Coriander leaves, used in making salsa, contain a potent compound that kills bacteria responsible for food poisoning and that could eventually become a tasteless food additive preventing infection, according to a recent study.

Researchers from University of California, Berkeley, and Mexico’s Autonomous University of Guadalajara found that coriander contains a chemical called dodecanol that is potent in fighting against several salmonella species.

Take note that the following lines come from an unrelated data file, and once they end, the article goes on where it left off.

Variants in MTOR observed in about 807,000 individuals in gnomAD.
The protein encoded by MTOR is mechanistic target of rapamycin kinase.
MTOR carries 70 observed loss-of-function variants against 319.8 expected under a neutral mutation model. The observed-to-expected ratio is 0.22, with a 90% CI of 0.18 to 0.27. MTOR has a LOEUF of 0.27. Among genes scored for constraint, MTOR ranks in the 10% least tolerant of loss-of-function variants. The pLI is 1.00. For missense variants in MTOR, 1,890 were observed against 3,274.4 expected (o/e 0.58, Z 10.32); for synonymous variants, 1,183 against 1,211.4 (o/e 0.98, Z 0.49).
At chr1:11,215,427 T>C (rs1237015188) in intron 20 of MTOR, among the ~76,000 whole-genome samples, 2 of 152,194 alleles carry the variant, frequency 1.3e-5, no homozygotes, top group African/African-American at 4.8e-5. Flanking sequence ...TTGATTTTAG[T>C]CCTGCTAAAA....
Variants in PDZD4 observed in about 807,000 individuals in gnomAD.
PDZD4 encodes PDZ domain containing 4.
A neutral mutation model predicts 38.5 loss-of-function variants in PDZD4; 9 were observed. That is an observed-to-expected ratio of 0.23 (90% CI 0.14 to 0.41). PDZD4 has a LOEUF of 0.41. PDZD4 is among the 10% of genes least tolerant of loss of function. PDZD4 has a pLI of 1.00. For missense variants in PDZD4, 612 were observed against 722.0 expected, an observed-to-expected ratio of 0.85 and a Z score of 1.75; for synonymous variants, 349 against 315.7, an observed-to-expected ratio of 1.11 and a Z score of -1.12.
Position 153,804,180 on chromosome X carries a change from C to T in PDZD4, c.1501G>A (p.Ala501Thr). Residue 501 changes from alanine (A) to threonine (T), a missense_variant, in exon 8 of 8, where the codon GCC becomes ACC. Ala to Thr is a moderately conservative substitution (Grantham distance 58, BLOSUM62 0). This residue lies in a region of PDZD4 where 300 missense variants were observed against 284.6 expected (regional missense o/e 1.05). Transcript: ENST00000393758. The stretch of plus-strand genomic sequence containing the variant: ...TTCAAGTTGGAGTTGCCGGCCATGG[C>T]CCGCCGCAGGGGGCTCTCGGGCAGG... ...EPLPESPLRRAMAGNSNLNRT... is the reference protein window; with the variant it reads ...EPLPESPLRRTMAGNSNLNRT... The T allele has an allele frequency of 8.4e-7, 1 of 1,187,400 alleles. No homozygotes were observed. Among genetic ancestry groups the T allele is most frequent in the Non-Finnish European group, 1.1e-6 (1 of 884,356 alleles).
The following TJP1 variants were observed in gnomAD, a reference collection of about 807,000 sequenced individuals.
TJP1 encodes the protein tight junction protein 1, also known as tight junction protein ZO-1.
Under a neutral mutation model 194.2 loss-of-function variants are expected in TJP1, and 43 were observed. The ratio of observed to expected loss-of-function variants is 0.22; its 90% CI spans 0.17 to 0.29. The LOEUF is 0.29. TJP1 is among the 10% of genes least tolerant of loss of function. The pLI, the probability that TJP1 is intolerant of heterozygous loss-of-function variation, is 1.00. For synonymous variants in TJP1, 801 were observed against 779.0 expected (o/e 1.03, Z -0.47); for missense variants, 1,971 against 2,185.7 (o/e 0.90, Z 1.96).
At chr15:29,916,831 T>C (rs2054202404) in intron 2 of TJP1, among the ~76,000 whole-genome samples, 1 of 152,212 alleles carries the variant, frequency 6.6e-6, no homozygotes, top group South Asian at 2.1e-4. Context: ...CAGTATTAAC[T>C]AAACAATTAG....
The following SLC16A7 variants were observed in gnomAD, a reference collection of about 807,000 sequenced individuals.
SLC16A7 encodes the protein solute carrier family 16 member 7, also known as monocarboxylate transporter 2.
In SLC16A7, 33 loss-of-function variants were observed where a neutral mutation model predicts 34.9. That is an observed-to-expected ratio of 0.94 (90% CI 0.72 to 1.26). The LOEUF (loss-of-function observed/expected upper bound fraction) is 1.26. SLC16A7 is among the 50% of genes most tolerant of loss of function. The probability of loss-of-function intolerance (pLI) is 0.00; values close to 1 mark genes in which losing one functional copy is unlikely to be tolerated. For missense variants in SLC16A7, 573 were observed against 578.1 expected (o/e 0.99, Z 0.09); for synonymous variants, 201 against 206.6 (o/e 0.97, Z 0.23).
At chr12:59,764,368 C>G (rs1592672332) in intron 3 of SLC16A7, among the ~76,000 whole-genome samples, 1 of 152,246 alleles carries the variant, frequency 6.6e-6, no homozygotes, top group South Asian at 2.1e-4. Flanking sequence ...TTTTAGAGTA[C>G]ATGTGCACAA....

The authors of the study published in the Journal of Agricultural Food Chemistry said the amount of coriander consumed to protect against bacteria needed to be high but that salsa contains at least a dozen other less potent antibacterial compounds that may be beneficial.